Background: Functional somatic symptoms (FSS) are bodily complaints of unclear etiology, which are (currently) not fully explained by well-recognized somatic pathology. Doctors are often hesitant to diagnose FSS, due to the risk to miss a somatic disease. The purpose of this study is to review available literature on the percentage of patients diagnosed with FSS reported to have an underlying somatic disease that explains their symptoms previously labeled as FSS.
Methods: We performed a systematic search of Medline, Embase and PsycINFO databases and reference lists of selected articles. We included studies published between January 1980 and July 2014 without language restrictions. Studies that measured the percentage of underlying somatic diseases after a diagnostic evaluation or naturalistic follow-up period in adult patients initially diagnosed with FSS were included. As primary outcome measure the weighted percentage of revised diagnoses was calculated using meta-analyses.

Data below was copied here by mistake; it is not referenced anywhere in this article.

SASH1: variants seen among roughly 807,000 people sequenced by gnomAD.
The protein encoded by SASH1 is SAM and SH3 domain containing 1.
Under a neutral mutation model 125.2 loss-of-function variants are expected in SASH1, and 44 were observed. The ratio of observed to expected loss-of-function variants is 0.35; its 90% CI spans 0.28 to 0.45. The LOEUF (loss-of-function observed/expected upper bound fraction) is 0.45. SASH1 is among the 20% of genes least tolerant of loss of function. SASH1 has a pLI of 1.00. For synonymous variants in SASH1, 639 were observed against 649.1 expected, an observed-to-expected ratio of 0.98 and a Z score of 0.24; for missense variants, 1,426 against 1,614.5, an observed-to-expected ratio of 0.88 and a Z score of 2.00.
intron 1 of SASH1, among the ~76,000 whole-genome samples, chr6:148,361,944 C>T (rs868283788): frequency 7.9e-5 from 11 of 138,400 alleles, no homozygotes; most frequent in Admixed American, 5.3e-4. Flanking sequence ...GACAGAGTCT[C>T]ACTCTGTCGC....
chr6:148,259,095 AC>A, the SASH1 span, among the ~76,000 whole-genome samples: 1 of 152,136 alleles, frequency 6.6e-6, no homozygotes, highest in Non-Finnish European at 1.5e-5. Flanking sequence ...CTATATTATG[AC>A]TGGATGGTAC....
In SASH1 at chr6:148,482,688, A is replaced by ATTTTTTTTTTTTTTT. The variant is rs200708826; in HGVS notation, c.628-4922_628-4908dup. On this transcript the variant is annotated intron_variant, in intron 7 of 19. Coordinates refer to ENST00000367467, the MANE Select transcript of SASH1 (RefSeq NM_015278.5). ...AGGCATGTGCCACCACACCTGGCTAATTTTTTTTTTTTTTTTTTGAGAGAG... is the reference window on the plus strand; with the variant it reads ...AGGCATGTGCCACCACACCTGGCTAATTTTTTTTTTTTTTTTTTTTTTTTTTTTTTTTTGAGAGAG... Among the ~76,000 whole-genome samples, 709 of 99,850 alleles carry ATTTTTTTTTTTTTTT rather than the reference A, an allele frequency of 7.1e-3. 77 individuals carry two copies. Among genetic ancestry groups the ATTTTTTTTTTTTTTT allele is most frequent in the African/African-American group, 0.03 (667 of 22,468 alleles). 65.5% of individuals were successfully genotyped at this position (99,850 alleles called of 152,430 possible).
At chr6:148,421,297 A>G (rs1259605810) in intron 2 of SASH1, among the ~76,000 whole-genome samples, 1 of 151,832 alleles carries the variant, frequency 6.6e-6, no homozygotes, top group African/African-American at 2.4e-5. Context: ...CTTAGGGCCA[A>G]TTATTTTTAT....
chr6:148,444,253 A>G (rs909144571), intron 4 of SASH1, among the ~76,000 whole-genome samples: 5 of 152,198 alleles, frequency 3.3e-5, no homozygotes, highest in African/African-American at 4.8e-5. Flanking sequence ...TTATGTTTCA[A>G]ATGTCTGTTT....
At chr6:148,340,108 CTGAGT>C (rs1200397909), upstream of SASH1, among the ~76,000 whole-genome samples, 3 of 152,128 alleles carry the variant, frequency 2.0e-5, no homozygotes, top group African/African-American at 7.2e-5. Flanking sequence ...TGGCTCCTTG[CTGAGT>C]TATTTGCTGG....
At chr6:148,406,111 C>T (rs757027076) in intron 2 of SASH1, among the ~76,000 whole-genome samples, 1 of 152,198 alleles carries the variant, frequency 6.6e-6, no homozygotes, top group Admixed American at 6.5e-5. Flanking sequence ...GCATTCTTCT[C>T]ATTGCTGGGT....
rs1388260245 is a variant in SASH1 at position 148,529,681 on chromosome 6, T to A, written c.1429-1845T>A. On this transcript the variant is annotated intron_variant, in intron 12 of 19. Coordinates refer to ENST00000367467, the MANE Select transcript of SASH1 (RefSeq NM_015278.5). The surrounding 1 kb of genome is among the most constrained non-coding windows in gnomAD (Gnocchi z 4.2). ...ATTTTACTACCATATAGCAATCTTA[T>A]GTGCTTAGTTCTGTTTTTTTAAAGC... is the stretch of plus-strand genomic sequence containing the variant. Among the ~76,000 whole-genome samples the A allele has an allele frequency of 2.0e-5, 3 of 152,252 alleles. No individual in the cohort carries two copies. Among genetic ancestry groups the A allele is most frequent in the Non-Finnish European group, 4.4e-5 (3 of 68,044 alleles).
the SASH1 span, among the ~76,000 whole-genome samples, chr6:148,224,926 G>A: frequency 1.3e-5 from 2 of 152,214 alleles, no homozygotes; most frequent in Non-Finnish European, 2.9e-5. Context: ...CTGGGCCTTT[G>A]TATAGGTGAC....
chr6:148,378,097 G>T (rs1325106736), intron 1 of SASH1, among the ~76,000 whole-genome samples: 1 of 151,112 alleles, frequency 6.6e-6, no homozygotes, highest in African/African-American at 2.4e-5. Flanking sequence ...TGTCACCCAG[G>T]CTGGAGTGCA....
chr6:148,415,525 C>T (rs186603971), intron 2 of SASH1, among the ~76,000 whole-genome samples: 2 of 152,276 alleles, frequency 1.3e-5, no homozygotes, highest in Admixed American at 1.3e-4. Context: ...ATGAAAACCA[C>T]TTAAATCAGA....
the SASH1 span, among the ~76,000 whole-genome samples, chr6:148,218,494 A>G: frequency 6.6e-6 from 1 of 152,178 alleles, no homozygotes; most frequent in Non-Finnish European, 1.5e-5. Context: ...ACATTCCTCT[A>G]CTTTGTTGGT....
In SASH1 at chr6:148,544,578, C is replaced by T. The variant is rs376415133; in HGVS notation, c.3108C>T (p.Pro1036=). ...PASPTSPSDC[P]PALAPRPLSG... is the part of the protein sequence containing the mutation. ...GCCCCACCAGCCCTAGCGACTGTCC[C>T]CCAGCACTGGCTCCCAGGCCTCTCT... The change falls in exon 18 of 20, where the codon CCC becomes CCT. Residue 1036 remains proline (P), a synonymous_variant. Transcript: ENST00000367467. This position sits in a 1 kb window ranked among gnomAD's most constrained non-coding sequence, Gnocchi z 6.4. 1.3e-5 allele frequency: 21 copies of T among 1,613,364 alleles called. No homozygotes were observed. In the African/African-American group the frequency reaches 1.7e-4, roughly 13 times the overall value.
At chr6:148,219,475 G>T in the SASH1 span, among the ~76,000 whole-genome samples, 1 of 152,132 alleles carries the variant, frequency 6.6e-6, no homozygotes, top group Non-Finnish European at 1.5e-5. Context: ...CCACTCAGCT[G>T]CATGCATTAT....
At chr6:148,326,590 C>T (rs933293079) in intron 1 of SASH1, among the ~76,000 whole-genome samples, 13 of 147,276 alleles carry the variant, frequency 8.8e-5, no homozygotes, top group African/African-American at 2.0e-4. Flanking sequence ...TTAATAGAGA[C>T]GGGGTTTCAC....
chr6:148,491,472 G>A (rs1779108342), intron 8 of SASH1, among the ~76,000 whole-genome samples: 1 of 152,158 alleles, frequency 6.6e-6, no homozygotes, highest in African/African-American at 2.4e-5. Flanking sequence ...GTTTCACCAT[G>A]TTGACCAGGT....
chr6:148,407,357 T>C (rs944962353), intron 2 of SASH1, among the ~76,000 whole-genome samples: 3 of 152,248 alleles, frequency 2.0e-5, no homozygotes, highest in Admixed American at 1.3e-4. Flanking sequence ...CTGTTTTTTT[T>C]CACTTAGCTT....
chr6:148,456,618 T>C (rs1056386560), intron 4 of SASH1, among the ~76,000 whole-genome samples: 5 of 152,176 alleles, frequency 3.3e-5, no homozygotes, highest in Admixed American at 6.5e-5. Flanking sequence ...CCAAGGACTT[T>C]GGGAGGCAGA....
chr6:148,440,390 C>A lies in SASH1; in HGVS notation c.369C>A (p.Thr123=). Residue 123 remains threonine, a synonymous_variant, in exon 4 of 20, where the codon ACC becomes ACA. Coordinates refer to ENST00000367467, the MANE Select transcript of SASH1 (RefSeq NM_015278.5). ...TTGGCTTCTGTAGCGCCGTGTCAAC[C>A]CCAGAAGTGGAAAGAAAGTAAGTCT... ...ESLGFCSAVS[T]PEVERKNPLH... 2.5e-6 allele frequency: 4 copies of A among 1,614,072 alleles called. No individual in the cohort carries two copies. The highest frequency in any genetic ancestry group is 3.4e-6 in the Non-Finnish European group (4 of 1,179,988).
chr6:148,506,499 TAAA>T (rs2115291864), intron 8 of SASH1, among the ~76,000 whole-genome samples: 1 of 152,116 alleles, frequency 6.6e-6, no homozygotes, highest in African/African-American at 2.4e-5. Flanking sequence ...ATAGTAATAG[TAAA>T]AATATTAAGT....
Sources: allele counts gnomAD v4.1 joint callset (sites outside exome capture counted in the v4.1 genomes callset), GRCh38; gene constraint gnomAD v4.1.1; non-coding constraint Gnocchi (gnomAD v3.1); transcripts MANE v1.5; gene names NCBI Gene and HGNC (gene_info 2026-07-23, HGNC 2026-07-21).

Results: Six diagnostic evaluation studies (total N=1804 patients) and 16 follow-up studies (total N=2440 patients) were included. The percentage of revised diagnosis in patients initially diagnosed with FSS was 8.8% (95% CI 1.0 to 22.2, p=0.007) in diagnostic evaluation studies and 0.5% (95% CI 0.01 to 1.5, p=0.03) in follow-up studies. Partially or possibly related diagnoses were rarely found. No specific somatic diagnosis seemed to be missed systematically.
Conclusions: The percentage of underlying somatic diseases in patients previously diagnosed with FSS is relatively small but unneglectable.
Keywords: Functional somatic symptoms; Meta-analysis; Revised diagnosis.
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